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Henry Craver's picture
Small Business Owner , Self-employed

As a small business owner, I'm always trying to find ways to cut costs and boost the dependability of my services. To that end, I've become increasingly invested in learning about energy saving...

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  • Aug 13, 2021
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This pair of letters to the editor illustrates a paradox in the conversation about climate change as it related to power: The same people desperate to adopt renewables bemoan transmission projects. 

Discussions
Peter Key's picture
Peter Key on Aug 16, 2021

These letters actually don't indicate the paradox you're talking about. The New England Clean Energy Connect transmission project by itself doesn't create any additional renewable generation; it just brings hydropower being produced in Canada into the United States. If Canada replaces that hydropower with power from renewable generation, the project will be a plus for the environment. But the letter writer says Canada will replace it with "more dirty energy," which will make it a minus for the environment.

Michael Keller's picture
Michael Keller on Aug 19, 2021

Canada’s existing hydro facilities are renewable green energy.

Seems to me issues involve adverse environmental impacts of new transmission lines as well as who pays for the new lines. Then there is the matter of sending money to Canada.

New England does not have much in the way of indigenous energy resources, which explains their high-cost of electricity.

All things considered, probably better to bring in Canadian power, as opposed to building offshore wind turbines. However, Maine does have the right to allow or not allow new transmission lines. The other New England states are free to build new transmission lines.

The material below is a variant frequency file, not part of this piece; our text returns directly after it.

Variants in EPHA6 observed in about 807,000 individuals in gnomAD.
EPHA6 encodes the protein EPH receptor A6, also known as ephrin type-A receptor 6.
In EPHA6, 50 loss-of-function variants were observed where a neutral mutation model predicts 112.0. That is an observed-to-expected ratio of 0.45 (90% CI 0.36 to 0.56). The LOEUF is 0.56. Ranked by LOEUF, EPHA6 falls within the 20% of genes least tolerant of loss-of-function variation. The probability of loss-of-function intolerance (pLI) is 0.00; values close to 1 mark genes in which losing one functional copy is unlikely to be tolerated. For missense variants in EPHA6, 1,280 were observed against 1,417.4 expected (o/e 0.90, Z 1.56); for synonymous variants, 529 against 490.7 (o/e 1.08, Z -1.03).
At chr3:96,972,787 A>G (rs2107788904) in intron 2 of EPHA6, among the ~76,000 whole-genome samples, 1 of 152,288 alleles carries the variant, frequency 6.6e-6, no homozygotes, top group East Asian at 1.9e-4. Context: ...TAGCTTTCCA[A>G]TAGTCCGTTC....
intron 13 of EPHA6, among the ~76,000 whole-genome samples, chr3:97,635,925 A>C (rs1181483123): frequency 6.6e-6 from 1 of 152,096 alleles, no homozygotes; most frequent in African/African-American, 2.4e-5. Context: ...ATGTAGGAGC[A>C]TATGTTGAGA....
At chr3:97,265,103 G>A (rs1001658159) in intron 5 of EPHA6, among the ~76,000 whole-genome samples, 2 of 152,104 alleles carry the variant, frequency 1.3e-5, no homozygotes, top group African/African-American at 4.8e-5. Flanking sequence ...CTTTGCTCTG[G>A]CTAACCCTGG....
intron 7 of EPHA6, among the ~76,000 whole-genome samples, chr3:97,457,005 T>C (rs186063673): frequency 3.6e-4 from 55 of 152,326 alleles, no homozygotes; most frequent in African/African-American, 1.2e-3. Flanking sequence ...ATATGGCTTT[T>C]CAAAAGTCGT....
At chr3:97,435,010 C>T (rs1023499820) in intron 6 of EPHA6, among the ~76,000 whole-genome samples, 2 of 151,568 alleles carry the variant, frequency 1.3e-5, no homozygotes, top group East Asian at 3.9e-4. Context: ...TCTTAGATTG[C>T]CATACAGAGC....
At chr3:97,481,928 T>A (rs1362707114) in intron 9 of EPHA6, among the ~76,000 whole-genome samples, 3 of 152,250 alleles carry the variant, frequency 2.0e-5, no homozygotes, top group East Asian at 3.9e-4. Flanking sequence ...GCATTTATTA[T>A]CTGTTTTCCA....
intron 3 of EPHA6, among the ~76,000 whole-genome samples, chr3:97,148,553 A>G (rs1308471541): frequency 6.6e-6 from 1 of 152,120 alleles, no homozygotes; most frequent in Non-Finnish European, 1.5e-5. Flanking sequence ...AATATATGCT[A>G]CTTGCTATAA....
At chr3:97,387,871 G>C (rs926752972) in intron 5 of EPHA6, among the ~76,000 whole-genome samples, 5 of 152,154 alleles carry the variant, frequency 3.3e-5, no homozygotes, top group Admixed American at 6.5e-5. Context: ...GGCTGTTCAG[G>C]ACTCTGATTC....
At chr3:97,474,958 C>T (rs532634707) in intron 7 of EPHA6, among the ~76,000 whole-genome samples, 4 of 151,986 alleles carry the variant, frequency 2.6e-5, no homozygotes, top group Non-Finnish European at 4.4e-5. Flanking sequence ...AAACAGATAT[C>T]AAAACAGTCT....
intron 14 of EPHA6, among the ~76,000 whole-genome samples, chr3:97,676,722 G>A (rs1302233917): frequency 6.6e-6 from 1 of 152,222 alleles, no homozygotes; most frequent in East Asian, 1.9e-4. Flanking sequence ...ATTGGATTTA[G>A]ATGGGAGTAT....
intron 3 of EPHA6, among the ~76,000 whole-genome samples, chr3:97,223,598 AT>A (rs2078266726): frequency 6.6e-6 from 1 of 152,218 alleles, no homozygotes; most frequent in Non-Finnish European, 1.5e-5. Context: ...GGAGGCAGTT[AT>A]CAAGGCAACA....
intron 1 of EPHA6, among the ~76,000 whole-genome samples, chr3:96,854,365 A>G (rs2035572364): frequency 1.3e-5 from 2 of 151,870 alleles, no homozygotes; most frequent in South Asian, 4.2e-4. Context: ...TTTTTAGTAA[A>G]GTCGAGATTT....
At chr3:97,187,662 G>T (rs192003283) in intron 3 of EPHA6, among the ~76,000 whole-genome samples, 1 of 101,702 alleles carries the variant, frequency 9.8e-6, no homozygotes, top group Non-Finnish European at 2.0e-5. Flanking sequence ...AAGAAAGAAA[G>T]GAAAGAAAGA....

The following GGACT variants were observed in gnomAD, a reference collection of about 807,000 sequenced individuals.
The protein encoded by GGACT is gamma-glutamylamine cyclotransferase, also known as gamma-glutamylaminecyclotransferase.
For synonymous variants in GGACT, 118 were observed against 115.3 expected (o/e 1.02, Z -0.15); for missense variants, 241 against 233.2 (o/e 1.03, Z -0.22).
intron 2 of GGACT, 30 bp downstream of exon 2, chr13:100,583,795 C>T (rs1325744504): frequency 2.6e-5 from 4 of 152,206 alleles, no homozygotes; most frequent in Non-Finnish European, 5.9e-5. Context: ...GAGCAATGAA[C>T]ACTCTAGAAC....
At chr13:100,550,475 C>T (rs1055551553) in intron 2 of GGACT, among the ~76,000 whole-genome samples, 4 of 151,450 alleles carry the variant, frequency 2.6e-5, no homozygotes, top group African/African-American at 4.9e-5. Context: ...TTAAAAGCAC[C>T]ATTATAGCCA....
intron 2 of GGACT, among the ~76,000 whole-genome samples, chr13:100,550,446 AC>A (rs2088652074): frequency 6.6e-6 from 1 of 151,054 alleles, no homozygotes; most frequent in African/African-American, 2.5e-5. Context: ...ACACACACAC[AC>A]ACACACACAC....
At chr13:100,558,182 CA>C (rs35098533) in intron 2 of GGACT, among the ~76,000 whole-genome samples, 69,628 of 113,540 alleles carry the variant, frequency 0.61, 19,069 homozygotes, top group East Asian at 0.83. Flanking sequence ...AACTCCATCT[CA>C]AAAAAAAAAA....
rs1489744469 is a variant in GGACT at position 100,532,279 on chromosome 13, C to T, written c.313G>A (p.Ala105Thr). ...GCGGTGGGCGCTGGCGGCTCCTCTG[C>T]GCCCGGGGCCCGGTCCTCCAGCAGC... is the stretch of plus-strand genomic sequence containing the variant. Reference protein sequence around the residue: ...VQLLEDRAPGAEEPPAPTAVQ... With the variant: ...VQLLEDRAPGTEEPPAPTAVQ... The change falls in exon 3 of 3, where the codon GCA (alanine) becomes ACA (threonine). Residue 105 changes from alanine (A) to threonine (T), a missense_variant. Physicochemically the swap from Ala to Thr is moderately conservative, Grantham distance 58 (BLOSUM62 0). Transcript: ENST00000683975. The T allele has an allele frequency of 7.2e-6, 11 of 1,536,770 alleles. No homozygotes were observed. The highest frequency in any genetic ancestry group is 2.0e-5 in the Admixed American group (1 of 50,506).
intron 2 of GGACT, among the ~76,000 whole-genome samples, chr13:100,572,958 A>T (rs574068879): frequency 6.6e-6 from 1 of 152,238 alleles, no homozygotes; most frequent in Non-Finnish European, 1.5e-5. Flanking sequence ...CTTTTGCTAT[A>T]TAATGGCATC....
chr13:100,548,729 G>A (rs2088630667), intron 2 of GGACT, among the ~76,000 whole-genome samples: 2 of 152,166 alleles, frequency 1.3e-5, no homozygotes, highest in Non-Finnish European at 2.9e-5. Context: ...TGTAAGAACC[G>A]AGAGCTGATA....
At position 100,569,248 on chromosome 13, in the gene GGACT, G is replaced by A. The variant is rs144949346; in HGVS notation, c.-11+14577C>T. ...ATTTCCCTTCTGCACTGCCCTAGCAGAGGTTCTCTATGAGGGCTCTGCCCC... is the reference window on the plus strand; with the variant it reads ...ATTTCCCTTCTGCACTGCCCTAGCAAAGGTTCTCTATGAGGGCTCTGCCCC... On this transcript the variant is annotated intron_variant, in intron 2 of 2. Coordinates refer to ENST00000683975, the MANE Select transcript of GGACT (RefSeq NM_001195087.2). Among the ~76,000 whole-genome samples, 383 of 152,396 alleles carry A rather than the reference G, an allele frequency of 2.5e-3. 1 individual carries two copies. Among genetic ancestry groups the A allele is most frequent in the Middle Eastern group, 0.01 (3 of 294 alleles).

John Simonelli's picture
John Simonelli on Aug 20, 2021

This scene has played out over and over again across the US. Everyone wants to go green, everyone wants to decarbonize the country, everybody supports solar and wind and batteries, etc. As long as it doesn't get built where they live, its great. It is utterly amazing how many good projects have died on the cutting room floor because people decide that even though it's good for society, they don't want it where they live. Imagine if that attitude was pervasive back in the 50s when president Eisenhower announced plans to build the Interstate highway system across this country. If you tried to do that today you'd never get anything built. Until someone has the intestinal fortitude to exercise eminent domain many projects are never going to see the light of day.

Bob Meinetz's picture
Bob Meinetz on Aug 28, 2021

"everybody supports solar and wind and batteries, etc...."

You might think so, given all the hype surrounding them in the press. But there are quite a few (more every day) who recognize "green" energy for the scam that it is - who recognize its obscene land use, and don't want their grandchildren to inherit a forest of industrial junk.

Generation Atomic

John Simonelli's picture
John Simonelli on Sep 1, 2021

Believe me Bob I haven't completely drank the wind, solar, battery kool-aid. The amount of mining that has to occur for the precious metals, the hazmat getting rid of the stuff at end of life, land requirements, etc., the reality is every form of generation has its pros and cons. I'm old school and believe we need a diversified resource mix. I'm all for some wind, solar and batteries, but I also believe we need small compact nuclear reactors, we need a hell of a lot of pump storage hydro, and production of hydrogen which can then be used to run gas turbines would also be desirable. All in all just don't put all the eggs in one basket

Henry Craver's picture
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